The San Francisco 49ers have not been good this season, and at least some of that can be attributed to Blaine Gabbert, who has been absolute trash. Colin Kaepernick, a quarterback who has struggled recently, but took San Francisco to the Super Bowl in 2012, and the NFC Championship in 2013, has been on the bench. He barely played in the preseason for because of a "dead arm," but the speculation was at the time that the 49ers were not playing him because his contract was guaranteed, even with an injury. This was also the speculation with RGIII's last season in Washington.
According to Ian Rapoport, we can stop speculating. San Francisco was absolutely keeping him on the bench to avoid having to fully pay his contract in the event he got hurt. Under the terms of Kaepernick's deal, the 49ers would have to pay out $19.7 million—$14.5 million for 2017 and $5.2 in 2018—if he were to get injured this season.
Putting aside the specific NFL absurdism of contracts that are not guaranteed unless specific language is included, what you are looking at is an NFL team holding a player's career hostage because of a contract it willingly negotiated. So, not only can a team generally cut a player and not have to pay what it contractually agreed to pay, but now if a player has enough leverage—which Kaepernick had when he signed the original deal—and actually gets some of his contract guaranteed, the team can simply sit him and say "you're not playing unless you sign a better deal for us." What do you think would happen if Aaron Rodgers strolled into Ted Thompson's office and said he wasn't playing until he got $20 million, right then and there?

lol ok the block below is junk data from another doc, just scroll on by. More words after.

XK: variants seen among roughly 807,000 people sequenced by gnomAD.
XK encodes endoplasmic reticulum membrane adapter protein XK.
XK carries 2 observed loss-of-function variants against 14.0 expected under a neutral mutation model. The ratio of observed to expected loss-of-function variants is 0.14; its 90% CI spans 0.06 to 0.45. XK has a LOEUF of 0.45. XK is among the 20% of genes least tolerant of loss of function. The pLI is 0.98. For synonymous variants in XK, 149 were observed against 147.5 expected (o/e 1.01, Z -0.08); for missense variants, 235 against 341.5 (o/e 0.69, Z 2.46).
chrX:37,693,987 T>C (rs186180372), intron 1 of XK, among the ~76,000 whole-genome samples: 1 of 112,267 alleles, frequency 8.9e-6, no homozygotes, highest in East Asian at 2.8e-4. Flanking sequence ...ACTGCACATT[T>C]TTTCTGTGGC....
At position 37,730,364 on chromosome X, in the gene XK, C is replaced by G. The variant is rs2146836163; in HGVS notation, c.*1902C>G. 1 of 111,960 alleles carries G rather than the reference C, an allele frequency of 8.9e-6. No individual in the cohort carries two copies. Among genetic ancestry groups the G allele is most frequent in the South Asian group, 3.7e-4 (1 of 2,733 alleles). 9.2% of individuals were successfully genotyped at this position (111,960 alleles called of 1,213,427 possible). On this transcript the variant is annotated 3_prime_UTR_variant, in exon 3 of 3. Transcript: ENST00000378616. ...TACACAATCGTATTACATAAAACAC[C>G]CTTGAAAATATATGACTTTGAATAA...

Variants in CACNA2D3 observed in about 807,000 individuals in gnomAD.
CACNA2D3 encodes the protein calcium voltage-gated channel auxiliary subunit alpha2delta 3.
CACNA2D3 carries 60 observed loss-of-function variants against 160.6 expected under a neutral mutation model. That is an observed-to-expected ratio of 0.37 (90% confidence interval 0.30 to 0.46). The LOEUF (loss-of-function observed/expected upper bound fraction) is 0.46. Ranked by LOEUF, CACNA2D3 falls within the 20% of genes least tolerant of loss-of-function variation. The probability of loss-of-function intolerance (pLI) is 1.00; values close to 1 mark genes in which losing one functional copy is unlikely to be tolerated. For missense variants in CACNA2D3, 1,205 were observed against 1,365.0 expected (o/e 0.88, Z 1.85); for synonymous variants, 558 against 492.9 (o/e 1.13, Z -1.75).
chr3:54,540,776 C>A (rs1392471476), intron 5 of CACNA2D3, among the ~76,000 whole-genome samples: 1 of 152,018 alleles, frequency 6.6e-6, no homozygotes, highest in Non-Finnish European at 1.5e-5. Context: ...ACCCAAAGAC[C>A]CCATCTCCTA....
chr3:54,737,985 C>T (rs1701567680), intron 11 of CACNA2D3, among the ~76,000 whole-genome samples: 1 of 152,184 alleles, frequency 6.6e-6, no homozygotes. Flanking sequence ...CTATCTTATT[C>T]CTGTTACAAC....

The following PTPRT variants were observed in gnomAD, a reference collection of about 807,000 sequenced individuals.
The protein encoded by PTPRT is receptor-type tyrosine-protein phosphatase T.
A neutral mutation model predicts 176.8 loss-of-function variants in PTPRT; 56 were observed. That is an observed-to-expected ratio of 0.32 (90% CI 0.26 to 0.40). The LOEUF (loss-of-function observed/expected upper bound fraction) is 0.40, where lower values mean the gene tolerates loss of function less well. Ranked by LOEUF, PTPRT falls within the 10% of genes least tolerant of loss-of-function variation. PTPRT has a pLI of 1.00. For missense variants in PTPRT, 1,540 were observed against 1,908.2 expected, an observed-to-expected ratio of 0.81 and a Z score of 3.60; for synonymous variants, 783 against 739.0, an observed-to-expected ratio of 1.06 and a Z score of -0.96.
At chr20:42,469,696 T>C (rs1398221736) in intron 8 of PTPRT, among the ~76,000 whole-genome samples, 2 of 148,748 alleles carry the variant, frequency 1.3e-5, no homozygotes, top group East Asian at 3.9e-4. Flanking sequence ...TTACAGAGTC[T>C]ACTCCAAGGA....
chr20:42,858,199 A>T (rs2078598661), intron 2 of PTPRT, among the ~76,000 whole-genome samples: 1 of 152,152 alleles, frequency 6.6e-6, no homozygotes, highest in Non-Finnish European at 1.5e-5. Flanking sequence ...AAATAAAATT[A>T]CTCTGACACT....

Please remember this the next time your team's GM, or local columnist or radio hack starts killing your rookie running back for holding out in training camp. Most players go out and play, risking injury and worse, on fictitious contracts. And the lucky ones get bullied into relinquishing rights contained in real ones.